Breast augmentation is more popular today than ever before. However, the desire to increase or enhance the size of the breasts is not a new concept. The first attempt at breast augmentation has been traced to the late 19th century when paraffin was used. Paraffin–used in such things as fuel, candle making, and other waxes–caused infections and the formation of lumps in the breast tissue. Still, it wasn’t until the 1920s that the paraffin procedure was given up. By then doctors were attempting to enlarge the breasts with fat transfers from other parts of the body. Unfortunately for those women in the ‘20s, the fat was reabsorbed into the body and left the breasts misshapen and asymmetrical. This practice lasted into the 1940s.

One interesting aspect from the 1940s is that Japanese women began injecting their breasts with silicone filler in an attempt to attract American soldiers, believing the soldiers preferred women with larger breasts. This type of silicone injection was used in the 1960s by exotic dancers in the U.S. However, complications including infection were the end result of this type of breast augmentation.

In the 1950s, another attempt was made at breast augmentation through the use of polyvinyl sponges. Polyvinyl is a synthetic material used in many different applications due to its chemical makeup. Polyvinyl sponges inserted into the breast were linked to hardening and shrinking, as well as causing infections. There was also a link made between using polyvinyl sponges in breast augmentation and cancer.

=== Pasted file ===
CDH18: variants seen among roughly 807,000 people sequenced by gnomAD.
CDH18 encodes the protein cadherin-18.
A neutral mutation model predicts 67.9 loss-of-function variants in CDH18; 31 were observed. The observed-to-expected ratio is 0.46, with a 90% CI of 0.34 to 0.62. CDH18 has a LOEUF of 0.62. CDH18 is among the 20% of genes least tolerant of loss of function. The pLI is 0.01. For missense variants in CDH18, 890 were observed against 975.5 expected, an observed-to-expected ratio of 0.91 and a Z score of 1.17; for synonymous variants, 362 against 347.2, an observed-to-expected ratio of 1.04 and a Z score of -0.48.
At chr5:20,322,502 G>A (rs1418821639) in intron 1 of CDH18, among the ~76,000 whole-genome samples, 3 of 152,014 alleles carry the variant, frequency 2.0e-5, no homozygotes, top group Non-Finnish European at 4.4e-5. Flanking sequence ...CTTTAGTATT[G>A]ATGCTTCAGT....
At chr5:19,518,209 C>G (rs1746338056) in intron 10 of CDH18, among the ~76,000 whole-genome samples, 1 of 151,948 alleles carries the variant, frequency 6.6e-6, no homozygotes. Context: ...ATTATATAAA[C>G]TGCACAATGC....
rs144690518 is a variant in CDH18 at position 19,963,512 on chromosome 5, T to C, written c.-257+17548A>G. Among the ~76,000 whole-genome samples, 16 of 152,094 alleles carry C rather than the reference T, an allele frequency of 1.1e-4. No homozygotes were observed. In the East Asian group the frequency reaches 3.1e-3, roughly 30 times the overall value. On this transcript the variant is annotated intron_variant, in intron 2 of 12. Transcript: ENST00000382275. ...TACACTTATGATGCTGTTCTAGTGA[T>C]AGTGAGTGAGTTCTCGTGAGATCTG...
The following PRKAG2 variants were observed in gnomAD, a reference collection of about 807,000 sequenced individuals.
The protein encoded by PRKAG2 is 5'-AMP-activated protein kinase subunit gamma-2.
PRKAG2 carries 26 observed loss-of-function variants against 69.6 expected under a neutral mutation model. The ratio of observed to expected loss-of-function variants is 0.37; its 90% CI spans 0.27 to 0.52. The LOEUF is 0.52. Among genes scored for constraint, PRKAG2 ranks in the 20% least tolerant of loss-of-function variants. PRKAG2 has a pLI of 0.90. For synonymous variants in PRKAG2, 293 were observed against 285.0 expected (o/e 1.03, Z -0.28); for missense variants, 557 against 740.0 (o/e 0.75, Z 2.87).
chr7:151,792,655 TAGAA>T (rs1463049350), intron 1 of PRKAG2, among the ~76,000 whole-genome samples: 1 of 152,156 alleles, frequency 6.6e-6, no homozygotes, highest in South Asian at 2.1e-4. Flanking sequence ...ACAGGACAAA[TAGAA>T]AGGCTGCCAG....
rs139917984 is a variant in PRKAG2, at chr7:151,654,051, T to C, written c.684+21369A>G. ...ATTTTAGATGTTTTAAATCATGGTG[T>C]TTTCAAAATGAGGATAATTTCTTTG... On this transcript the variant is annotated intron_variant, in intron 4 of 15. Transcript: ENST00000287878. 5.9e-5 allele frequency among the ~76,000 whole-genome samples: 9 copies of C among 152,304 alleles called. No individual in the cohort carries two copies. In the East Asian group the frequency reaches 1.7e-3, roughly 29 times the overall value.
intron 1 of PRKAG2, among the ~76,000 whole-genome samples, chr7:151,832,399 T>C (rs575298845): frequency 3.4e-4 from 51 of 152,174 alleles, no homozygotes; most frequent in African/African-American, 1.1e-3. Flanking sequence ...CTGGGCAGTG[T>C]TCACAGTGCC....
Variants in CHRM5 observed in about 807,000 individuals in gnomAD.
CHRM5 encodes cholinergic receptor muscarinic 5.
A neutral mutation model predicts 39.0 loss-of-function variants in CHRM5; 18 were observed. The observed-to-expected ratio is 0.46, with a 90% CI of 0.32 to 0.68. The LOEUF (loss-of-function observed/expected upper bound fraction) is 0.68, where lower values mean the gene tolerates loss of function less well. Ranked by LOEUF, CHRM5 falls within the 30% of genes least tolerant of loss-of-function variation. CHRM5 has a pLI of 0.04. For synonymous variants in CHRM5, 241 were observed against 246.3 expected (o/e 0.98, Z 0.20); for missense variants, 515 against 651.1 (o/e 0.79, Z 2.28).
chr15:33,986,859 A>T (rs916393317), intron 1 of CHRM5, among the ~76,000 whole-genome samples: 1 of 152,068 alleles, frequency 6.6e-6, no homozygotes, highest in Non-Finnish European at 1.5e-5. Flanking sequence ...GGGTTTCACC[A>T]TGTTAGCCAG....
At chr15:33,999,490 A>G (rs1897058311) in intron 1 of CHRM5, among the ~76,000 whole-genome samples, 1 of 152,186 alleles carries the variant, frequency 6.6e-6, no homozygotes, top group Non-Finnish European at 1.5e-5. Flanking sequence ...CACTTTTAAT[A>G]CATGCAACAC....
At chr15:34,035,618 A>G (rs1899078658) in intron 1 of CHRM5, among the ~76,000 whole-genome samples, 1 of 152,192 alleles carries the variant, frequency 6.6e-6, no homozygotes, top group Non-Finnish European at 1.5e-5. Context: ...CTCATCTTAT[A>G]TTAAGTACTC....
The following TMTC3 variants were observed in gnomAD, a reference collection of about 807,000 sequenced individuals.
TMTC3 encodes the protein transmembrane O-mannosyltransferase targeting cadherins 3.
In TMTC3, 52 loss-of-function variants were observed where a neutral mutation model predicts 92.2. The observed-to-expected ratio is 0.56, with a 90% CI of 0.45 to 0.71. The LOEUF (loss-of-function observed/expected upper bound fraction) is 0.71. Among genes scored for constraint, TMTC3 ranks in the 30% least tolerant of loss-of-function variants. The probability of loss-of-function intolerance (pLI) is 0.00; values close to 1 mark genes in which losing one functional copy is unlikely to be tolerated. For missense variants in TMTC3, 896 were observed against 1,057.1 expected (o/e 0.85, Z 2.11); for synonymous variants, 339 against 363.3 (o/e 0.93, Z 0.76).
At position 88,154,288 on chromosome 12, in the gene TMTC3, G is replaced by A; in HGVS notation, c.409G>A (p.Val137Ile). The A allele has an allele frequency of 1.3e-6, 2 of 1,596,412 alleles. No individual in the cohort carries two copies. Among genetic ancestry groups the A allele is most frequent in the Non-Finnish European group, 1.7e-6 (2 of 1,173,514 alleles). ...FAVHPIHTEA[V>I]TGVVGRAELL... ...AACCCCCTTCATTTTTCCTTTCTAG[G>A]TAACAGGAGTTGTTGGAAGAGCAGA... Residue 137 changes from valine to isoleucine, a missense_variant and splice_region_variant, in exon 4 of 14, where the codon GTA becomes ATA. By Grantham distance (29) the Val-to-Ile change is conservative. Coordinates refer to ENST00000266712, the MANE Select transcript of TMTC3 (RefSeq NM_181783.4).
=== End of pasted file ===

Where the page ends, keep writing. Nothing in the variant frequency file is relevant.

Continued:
It wasn’t until 1961 that plastic surgeons Frank Gerow and Thomas Cronin created the first silicone breast implant with a direct link to the silicone breast implants used today. The original silicone breast implant had a tear drop shaped silicone rubber envelope filled with thick silicone gel. A few years later, the saline breast implant was manufactured in France. The saline breast implant was created so that it could be placed with a smaller incision than those needed to place silicone breast implants.

Over several generations of silicone breast implants, improvements were made to both the shell and the silicone gel inside. However, in the early 1990s, questions arose as to the safety of silicone in the event of a rupture. The Food and Drug Administration could find no link between illness being caused by silicone, but saline filled breast implants were the only type available in the U.S. during the late 20th and early 21st century.

Silicone gel breast implants were still available in most other parts of the world during this time. It wasn’t until 2006 that silicone breast implants were given a clean slate by the FDA. The silicone breast implants now used are a new type of breast implant with better cohesive gel and a much better shell.

The evolution of breast augmentation and the types of breast implants being used continues. This type of plastic surgical procedure is safer today than ever, and board-certified plastic surgeons have the training and skills for a happy outcome.

If you would like to discuss breast augmentation and are in the Phoenix or Glendale, Arizona area, please contact experienced plastic surgeon Dr. Paul Angelchik for an initial consultation.

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